Home Resources for Learning

In educational research, the factors related to parents’ or caregivers’ socioeconomic status are consistently related to students’ achievement.2,3,4,5,6 Socioeconomic status is often indicated through proxy variables such as parental level of education, income, and occupational class. Since the first PIRLS cycle in 2001, PIRLS has reported data on socioeconomic status indicators. In 2011, PIRLS developed the Home Resources for Learning scale based on parent and student responses to items focusing on parental education and occupation as well as home resources (e.g., books in the home, children’s books in the home, and home study supports). The Home Resources for Learning scale expands the classic conception of socioeconomic status to include home resources that have the potential to facilitate student learning.

Parents Like Reading

Parents who like reading and read themselves provide important role models for their children. Promoting reading in the home can foster children’s motivation to read as well as their reading achievement.7,8,9 Parents own reading behaviors and beliefs about reading can shape their child’s motivation to read.10 Socialization can be subtle (e.g., young children seeing adults reading or using texts in different ways learn to appreciate and use printed material) and this process can have long term effects on a student academic performance.11 PIRLS began collecting information on parents’ reading habits and enjoyment in 2001, and in 2011, created the Parents Like Reading scale. Indicators of parents liking reading include considering reading an important activity and reading for enjoyment often.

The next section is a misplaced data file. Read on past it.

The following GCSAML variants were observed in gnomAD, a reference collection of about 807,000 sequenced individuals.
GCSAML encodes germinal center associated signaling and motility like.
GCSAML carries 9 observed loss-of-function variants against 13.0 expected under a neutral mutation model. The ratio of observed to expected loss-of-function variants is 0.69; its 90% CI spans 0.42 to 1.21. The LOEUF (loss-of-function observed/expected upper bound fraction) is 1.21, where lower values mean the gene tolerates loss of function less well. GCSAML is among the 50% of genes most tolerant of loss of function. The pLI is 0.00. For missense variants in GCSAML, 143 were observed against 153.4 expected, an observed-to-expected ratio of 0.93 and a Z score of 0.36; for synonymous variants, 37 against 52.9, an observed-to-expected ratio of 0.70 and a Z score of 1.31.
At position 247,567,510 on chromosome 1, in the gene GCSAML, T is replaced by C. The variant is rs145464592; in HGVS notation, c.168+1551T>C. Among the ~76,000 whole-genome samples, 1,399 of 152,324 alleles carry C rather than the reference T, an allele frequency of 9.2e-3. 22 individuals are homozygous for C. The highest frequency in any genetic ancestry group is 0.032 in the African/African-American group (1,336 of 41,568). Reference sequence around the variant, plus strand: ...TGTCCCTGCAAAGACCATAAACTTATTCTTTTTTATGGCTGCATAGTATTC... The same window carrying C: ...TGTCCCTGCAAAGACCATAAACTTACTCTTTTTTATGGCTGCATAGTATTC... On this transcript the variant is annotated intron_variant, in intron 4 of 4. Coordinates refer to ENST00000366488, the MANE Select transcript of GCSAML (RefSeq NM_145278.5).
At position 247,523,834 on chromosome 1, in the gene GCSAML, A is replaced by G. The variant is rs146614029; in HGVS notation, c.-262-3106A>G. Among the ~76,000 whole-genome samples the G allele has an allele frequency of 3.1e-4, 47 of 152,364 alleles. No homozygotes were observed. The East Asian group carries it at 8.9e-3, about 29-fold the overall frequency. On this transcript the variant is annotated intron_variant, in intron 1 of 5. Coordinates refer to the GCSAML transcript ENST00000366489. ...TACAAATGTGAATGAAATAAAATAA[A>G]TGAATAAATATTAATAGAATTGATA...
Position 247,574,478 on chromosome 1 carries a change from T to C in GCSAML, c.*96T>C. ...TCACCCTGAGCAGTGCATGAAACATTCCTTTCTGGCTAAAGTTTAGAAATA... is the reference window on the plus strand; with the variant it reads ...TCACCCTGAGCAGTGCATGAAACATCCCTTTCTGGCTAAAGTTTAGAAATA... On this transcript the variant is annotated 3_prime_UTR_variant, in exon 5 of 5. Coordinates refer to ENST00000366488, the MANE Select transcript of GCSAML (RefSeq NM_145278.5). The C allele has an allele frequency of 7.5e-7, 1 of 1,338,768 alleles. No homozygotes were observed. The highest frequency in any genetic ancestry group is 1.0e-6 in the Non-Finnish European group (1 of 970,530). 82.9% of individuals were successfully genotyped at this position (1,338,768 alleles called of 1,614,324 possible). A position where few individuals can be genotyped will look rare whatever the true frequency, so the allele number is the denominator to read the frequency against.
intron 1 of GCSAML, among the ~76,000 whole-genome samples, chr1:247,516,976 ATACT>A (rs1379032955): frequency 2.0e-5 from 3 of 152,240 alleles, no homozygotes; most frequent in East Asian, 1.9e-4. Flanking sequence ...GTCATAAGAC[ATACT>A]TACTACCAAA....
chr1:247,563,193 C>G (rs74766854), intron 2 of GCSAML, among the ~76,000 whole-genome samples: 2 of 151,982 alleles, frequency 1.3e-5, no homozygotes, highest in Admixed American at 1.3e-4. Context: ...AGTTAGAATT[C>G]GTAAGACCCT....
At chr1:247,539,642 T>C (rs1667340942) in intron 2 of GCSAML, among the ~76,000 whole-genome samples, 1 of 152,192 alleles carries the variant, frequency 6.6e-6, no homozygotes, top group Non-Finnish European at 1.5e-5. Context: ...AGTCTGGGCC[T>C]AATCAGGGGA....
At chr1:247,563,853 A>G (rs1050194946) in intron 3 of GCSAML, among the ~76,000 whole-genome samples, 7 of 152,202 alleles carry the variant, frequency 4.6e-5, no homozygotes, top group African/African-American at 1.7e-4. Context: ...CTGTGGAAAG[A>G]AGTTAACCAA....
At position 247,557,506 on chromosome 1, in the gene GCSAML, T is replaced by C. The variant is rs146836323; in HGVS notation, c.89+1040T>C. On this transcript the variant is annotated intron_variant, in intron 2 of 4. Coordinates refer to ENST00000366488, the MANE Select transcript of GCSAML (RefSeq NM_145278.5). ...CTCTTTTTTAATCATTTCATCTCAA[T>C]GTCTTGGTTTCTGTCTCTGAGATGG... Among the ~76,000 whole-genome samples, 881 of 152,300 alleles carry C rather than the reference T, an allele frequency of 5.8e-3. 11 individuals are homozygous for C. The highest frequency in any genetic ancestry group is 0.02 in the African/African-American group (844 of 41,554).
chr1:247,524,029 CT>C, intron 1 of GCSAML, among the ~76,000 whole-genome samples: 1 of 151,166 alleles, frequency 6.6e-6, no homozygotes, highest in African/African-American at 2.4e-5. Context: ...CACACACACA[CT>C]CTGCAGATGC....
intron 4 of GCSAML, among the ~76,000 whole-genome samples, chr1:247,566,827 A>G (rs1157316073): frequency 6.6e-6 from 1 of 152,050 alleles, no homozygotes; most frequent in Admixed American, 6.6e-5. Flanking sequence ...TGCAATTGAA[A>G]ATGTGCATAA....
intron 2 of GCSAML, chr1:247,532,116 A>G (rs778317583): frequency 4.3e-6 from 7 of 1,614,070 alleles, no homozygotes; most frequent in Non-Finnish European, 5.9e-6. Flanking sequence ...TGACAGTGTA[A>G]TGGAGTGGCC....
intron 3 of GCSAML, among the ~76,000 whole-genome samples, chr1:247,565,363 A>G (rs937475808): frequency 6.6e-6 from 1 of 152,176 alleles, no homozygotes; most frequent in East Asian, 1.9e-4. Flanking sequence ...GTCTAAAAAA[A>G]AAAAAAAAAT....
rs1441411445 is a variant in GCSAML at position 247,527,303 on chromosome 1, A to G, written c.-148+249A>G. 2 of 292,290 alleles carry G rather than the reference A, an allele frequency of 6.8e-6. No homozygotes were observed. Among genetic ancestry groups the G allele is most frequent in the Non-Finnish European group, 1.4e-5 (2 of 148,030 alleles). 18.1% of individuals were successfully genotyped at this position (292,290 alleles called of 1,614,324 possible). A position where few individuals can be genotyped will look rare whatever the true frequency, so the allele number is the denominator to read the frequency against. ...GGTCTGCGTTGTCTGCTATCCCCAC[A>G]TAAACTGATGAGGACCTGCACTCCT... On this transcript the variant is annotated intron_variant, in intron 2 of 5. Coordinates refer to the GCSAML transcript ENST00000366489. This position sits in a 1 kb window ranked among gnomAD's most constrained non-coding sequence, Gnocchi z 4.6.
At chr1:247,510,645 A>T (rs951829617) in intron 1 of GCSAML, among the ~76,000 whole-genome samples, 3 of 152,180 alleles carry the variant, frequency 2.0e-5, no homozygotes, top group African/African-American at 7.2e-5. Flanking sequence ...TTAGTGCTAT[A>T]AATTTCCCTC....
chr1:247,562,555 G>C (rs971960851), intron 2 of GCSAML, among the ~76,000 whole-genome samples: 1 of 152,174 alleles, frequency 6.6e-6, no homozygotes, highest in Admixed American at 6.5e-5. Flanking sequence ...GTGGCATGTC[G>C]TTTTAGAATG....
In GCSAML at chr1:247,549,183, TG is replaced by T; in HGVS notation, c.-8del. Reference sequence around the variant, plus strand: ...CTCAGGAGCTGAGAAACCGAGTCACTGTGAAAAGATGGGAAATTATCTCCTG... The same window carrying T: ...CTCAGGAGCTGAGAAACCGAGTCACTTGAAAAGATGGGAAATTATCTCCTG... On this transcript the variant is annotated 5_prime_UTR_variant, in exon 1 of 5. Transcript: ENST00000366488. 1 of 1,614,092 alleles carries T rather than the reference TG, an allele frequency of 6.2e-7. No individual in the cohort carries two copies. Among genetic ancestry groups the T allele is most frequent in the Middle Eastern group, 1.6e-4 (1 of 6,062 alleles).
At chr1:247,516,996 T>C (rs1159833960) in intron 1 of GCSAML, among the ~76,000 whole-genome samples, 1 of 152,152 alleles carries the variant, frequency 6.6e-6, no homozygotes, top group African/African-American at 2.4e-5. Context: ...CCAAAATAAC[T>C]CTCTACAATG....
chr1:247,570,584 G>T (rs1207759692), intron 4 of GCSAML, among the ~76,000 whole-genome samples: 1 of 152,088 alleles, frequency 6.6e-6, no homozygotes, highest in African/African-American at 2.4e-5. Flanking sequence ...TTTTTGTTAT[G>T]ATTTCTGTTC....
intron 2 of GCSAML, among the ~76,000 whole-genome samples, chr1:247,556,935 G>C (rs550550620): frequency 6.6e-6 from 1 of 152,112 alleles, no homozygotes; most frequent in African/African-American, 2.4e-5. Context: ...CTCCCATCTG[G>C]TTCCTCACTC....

Language Spoken in the Home

It is common for some students to speak one language at home and another at school, especially among immigrant families. In addition, some parents prioritize multilingualism and make great efforts to ensure their child is exposed to more than one language in the home. Because learning to read is dependent on children’s early language experiences, the language or languages spoken at home and how they are used are important factors in reading literacy development.12 If students are not fluent in the language of instruction, often there is an initial learning gap because students must learn the concepts and content of the curricula through a new language.13,14 PIRLS has collected data on student language background at home since the first PIRLS cycle.